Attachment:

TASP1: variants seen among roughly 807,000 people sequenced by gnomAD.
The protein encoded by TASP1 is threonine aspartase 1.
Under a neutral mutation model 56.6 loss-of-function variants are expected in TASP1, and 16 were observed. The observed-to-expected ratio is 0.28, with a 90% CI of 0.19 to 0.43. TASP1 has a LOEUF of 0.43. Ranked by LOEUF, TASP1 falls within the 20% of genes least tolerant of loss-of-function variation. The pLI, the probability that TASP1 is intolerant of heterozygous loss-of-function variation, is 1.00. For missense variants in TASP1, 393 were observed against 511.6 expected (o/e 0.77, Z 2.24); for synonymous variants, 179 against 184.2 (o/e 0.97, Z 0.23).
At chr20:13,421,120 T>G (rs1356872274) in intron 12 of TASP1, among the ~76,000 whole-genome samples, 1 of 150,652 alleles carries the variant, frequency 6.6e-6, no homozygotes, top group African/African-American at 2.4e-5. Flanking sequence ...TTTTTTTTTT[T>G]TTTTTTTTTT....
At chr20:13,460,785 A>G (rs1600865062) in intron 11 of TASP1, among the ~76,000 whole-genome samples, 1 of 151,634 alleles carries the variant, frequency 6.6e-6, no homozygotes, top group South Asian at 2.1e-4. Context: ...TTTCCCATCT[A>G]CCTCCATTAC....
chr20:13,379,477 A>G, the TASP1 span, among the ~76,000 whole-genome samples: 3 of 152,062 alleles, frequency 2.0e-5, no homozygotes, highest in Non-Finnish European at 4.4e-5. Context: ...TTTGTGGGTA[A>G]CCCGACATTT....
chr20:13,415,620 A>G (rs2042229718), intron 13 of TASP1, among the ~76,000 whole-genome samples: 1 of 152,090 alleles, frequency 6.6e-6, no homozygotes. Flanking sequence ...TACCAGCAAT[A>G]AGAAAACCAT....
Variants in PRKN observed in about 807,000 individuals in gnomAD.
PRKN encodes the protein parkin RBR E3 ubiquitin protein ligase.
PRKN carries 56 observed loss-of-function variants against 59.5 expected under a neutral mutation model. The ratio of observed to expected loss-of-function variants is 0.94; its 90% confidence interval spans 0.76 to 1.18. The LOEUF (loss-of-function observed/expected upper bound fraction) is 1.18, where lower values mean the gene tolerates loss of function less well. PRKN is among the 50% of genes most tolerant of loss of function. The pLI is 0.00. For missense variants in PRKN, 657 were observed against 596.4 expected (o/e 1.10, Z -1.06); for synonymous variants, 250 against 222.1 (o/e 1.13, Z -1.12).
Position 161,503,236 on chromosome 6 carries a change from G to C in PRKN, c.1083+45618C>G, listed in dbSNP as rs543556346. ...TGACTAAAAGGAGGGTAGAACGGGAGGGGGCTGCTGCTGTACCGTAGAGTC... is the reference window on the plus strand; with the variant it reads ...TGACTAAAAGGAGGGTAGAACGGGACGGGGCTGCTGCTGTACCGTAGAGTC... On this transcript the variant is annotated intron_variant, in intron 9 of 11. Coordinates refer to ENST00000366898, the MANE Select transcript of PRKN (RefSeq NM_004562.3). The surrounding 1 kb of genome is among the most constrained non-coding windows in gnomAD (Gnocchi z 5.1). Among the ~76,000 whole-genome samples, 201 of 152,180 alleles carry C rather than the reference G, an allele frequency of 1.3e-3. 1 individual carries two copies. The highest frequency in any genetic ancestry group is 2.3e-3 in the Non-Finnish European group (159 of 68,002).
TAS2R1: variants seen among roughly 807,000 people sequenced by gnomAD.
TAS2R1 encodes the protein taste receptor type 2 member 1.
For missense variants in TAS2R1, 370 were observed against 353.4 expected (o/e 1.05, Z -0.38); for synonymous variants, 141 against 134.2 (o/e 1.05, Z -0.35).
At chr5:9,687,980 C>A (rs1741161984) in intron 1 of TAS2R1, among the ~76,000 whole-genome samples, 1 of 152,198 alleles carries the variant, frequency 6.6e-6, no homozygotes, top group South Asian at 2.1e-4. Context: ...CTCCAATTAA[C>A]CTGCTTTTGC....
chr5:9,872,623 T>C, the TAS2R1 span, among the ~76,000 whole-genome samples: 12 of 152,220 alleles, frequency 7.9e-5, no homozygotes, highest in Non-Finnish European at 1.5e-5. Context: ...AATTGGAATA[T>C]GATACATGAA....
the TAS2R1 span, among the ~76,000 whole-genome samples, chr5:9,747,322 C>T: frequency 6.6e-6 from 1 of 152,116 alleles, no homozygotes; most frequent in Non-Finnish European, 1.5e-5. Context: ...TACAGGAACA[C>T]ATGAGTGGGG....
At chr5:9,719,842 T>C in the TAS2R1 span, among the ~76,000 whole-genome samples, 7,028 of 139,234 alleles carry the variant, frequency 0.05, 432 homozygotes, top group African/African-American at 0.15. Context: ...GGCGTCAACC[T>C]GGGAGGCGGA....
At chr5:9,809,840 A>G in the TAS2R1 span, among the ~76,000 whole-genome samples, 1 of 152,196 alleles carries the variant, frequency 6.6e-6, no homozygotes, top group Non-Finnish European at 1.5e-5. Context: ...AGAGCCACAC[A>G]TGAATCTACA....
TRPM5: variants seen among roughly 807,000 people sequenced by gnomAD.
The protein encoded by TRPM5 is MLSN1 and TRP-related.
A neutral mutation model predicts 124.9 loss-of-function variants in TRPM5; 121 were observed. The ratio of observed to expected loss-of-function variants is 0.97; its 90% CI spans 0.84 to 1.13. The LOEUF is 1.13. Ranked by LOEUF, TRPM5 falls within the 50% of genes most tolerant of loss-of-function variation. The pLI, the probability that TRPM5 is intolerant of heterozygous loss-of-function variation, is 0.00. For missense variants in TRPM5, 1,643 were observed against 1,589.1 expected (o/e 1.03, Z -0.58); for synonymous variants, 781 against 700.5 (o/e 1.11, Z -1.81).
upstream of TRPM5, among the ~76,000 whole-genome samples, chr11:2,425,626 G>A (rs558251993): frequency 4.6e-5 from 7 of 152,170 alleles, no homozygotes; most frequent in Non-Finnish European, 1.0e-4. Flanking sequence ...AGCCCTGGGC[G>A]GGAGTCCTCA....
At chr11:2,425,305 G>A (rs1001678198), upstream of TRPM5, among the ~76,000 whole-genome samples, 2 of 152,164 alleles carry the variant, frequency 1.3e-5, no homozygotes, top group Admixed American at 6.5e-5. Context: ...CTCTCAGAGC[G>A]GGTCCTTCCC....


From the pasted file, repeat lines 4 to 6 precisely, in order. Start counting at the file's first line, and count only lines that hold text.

At chr20:13,421,120 T>G (rs1356872274) in intron 12 of TASP1, among the ~76,000 whole-genome samples, 1 of 150,652 alleles carries the variant, frequency 6.6e-6, no homozygotes, top group African/African-American at 2.4e-5. Flanking sequence ...TTTTTTTTTT[T>G]TTTTTTTTTT....
At chr20:13,460,785 A>G (rs1600865062) in intron 11 of TASP1, among the ~76,000 whole-genome samples, 1 of 151,634 alleles carries the variant, frequency 6.6e-6, no homozygotes, top group South Asian at 2.1e-4. Context: ...TTTCCCATCT[A>G]CCTCCATTAC....
chr20:13,379,477 A>G, the TASP1 span, among the ~76,000 whole-genome samples: 3 of 152,062 alleles, frequency 2.0e-5, no homozygotes, highest in Non-Finnish European at 4.4e-5. Context: ...TTTGTGGGTA[A>G]CCCGACATTT....